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June 24, 2007


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Mmmm... I like the idea of having this at the "temperature of a fresh spring breeze." I like that idea a lot!



oh my, this sounds like a heavenly dessert~you have done a wonderful job describing it~i can taste it now!

Simona Carini

Paz, I am glad you liked my description.
Jann, zuppa inglese is rather common in restaurants in Italy, especially central Italy. One of my plans is to develop a recipe for pan di Spagna so that then I can publish my version of zuppa inglese. It will happen, hopefully soon.


I would love to make zuppa inglese. I've never heard of the liqueur you mention, though. I wonder if we can get it in this country?

Simona Carini

Thanks Lisa for your question. If you have access to Gastronomica, there is a very interesting article on alchermes (or alkermes) in the winter 2007 issue. I disagree with the author, however, when she mentions zuppa inglese, because she gives the impression that is is a baked dessert, which is not: it is assembled from the different ingredients "a freddo" (meaning without cooking). The article mentions two possible US sources for alchermes and I have contacted both to verify that they still carry the product. Mark Gasbarro (in Rhode Island) confirmed to me that they carry alchermes, though they are currently out of stock: http://www.gasbarros.com/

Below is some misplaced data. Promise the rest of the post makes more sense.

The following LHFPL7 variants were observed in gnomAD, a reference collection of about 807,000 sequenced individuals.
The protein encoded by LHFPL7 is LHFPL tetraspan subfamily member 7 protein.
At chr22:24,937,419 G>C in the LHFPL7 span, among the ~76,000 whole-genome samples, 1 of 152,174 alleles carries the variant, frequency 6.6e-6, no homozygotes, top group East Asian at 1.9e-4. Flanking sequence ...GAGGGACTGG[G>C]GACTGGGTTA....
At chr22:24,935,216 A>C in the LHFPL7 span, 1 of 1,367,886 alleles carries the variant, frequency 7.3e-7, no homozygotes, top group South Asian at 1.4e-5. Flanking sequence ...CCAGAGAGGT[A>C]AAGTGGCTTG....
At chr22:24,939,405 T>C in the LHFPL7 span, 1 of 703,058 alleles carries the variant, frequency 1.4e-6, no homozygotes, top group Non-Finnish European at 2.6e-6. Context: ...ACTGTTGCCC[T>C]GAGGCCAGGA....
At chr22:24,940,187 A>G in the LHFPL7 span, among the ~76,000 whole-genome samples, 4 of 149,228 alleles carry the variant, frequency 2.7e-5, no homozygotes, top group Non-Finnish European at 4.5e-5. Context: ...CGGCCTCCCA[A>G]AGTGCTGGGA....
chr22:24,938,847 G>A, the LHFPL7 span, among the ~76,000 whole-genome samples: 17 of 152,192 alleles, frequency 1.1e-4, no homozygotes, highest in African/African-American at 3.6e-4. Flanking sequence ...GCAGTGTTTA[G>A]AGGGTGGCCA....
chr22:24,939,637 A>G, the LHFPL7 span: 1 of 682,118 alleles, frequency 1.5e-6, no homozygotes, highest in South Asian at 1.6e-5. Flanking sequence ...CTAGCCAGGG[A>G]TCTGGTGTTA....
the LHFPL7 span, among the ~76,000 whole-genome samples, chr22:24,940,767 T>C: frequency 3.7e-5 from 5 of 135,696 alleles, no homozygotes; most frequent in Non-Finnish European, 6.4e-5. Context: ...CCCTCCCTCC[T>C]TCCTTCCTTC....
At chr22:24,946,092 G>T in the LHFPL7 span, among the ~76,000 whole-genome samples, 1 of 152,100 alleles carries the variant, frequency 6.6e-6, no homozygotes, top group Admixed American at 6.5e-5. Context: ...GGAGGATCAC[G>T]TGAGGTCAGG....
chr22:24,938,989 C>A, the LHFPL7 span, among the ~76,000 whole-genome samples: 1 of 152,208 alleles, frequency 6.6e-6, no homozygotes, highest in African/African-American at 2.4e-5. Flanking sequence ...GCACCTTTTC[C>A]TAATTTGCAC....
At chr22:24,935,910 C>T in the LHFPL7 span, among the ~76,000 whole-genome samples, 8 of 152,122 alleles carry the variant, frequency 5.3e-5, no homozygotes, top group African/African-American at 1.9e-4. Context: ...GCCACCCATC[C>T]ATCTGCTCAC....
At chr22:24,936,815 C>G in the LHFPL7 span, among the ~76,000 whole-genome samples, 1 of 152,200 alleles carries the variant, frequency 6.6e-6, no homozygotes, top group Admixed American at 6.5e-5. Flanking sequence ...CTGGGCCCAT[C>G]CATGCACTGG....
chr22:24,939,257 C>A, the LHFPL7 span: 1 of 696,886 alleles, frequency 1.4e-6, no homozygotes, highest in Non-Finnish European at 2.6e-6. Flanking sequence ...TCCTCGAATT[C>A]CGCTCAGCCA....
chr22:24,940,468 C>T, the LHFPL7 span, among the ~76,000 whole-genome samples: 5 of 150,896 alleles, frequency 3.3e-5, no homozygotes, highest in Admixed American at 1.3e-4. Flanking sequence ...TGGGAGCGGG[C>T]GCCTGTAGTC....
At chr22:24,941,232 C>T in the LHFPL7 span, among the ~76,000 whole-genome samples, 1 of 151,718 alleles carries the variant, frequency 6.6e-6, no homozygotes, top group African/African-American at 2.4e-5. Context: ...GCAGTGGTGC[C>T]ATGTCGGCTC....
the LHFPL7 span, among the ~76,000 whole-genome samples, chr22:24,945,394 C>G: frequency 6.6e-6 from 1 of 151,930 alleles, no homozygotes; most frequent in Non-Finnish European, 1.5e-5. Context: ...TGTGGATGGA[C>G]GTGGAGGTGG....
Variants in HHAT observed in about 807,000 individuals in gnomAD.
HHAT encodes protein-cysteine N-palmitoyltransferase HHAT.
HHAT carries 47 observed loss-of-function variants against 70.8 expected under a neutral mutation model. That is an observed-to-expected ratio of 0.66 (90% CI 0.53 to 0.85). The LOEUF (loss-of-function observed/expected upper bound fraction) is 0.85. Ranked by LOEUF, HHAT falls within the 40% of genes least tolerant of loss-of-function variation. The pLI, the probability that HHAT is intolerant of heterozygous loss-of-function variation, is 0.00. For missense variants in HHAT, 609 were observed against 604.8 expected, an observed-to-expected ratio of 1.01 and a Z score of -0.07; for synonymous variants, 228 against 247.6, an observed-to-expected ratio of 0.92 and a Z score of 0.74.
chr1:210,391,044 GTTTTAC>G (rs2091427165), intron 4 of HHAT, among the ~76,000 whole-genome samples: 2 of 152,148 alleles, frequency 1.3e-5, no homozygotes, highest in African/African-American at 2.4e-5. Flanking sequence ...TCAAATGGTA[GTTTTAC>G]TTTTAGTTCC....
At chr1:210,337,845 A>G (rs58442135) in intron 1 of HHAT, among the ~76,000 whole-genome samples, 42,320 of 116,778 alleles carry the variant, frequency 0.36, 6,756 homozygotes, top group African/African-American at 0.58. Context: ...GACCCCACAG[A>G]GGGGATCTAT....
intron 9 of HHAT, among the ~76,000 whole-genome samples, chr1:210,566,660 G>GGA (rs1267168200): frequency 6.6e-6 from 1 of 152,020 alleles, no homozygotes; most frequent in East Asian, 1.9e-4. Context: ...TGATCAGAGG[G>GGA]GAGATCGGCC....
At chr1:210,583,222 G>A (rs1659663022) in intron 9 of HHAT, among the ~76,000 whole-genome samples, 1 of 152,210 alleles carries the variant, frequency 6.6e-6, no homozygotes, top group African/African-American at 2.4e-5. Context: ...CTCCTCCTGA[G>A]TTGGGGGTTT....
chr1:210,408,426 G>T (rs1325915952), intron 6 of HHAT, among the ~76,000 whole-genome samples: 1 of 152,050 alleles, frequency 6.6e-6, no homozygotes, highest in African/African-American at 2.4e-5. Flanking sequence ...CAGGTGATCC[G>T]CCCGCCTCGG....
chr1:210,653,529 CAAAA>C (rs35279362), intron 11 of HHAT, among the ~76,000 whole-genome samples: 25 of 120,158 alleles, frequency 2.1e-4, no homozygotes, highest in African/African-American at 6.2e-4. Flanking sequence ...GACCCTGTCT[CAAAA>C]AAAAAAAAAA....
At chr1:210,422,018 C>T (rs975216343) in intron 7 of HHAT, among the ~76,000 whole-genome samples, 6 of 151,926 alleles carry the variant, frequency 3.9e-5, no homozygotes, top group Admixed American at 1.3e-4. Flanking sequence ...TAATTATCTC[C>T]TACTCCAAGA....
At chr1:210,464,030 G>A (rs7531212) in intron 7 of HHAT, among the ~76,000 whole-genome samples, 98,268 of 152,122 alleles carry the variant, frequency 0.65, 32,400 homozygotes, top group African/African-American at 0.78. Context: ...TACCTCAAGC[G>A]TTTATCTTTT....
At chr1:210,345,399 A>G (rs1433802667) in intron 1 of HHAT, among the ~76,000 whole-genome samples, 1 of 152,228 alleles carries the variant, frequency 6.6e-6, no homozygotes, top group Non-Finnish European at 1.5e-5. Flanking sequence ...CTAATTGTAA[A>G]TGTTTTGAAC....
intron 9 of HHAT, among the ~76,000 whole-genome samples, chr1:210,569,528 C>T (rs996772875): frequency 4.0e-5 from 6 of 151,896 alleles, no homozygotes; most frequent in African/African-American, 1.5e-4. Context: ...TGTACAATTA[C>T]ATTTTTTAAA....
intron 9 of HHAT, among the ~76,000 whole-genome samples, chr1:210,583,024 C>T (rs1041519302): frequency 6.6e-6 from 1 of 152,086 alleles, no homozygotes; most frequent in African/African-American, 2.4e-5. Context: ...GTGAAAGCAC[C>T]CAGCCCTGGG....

Polcari's Coffee in Boston carries alchermes extract that can be used to make the liqueur: http://www.northendboston.com/polcaricoffee/ I have to say I have never seen the extract, so I am not sure how it works.


Thanks, Simona, for the info and the links. I'll have to check that out. The extract sounds rather strange, doesn't it?

Simona Carini

As I said, I have never seen it in Italy, so I don't know what to say. According to the person I corresponded with 'it is an extract that you can make a liquor out of or a flavoring for baking.'

the chocolate lady (eve)

Yummy! I have been thinking that zuppa Inglese would be an ideal dessert for a menu of misleadingly named foods, like Welsh rabbit and Jerusalem artichokes.

Simona Carini

What a great idea! Now you got me wondering if there are other examples on the same line among Italian dishes. I'll have to look into this.

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